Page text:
As a ball reaches a critical speed — which differs based on ball design — its drag coefficients decrease drastically until suddenly leveling off (see figure). This speed signifies a transition in the ball’s behavior known as the drag crisis, and it occurs when air flow over the ball changes from smooth to turbulent. This transition occurs at slower speeds for balls with rougher surfaces. A beach ball, for example, experiences smooth air flow at higher speeds than a dimpled golf ball — or a typical 32-panel soccer ball.
Air flowing over the Jabulani ball, they found, switches from smooth to turbulent when it reaches about 50 miles per hour. This is roughly the speed of free kicks and corner kicks — which meant that during these common kicks, airflow over the Jabulani would switch from smooth to turbulent suddenly, causing its erratic wobble. In contrast, other soccer balls they studied experience the drag crisis at much lower speeds. For example, they found that the onset of turbulent airflow occurs at about 30 miles an hour for the Brazuca, the subsequent ball redesign in 2014, which meant that the Brazuca didn’t suffer the same fate during free kicks.
Jabulani’s problem was that it was too smooth. It needed to transition to turbulent flow at a slower speed. Goff points out that the Spanish team, the 2010 World Cup champion, heavily relied on a strategy of short-range passes that could avoid the Jabulani’s aerodynamic problems altogether.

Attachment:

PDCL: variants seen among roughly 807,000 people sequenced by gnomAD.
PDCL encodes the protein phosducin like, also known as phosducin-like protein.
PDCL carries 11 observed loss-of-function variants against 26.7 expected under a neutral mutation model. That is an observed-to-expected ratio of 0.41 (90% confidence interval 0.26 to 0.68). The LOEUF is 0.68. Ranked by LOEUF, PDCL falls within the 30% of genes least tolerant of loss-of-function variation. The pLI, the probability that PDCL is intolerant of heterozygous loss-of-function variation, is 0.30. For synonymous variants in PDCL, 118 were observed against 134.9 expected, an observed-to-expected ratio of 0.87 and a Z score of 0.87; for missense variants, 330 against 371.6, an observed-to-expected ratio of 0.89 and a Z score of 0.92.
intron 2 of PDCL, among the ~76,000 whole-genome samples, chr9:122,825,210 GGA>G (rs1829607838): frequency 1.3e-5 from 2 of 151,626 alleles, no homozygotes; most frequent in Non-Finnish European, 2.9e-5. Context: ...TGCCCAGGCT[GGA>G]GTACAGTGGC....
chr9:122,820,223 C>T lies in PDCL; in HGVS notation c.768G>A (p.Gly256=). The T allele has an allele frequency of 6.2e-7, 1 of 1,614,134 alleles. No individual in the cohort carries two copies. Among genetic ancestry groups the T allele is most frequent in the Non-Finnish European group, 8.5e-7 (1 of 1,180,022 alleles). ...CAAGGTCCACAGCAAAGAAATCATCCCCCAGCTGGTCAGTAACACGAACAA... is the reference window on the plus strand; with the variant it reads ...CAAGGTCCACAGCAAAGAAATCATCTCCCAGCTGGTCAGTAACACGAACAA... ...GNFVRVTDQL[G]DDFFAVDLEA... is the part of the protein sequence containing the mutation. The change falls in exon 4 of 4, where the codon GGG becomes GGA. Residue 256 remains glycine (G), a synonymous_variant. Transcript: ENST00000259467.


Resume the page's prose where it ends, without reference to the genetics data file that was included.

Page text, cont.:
As for the Telstar 18, Goff and his collaborators tested it soon after Adidas released it last November. In a paper published in May, they reported that the ball experiences the drag crisis at a reasonable 30 miles per hour, similar to its predecessor, the Brazuca. The Telstar 18’s seams are longer than the Brazuca’s, but they’re also narrower and shorter, amounting to an overall similar roughness. However, the ball won’t behave identically to the Brazuca: Goff modeled trajectories for the ball and also found that for long-range kicks, the new ball will travel about 10 percent less distance.
Overall, though, the Telstar 18 is pretty similar to the previous model, says Goff. Argentine star player Lionel Messi is quoted as liking the ball, according to a FIFA press release, but still, not everyone is happy with the latest redesign. “I bet you as much as you like that we’ll see at least 35 goals from long range [in Russia], because it’s impossible to work out,” Spanish goalkeeper Pepe Reina told Spanish sports site AS. “And it’s covered in a plastic film that makes it difficult to hold on to.” And for all its similarities to the Brazuca, some players griped about that one too — because they don’t like change. “There will always be somebody complaining about the new ball,” says Goff.
So why keep re-designing the soccer ball when players hate change?
Money, says Goff. Your local sports store likely carries FIFA-approved replicas of the Telstar 18 for $164.99 — and “people want to buy them,” he says. In 2013, Adidas signed a deal to exclusively supply the World Cup ball until 2030, which they have done since 1970. According to Reuters, the company made $2.4 billion dollars in soccer sales during the last World Cup year in 2014.
If Adidas is going to keep redesigning the ball, Goff has some advice. If it were up to him, FIFA should make sure the ball’s drag crisis occurs at a consistent speed from year to year, regardless of whatever bells and whistles the new designs might have. “That would be a good standard,” he says.
The author is a freelance science writer in Tucson, Arizona.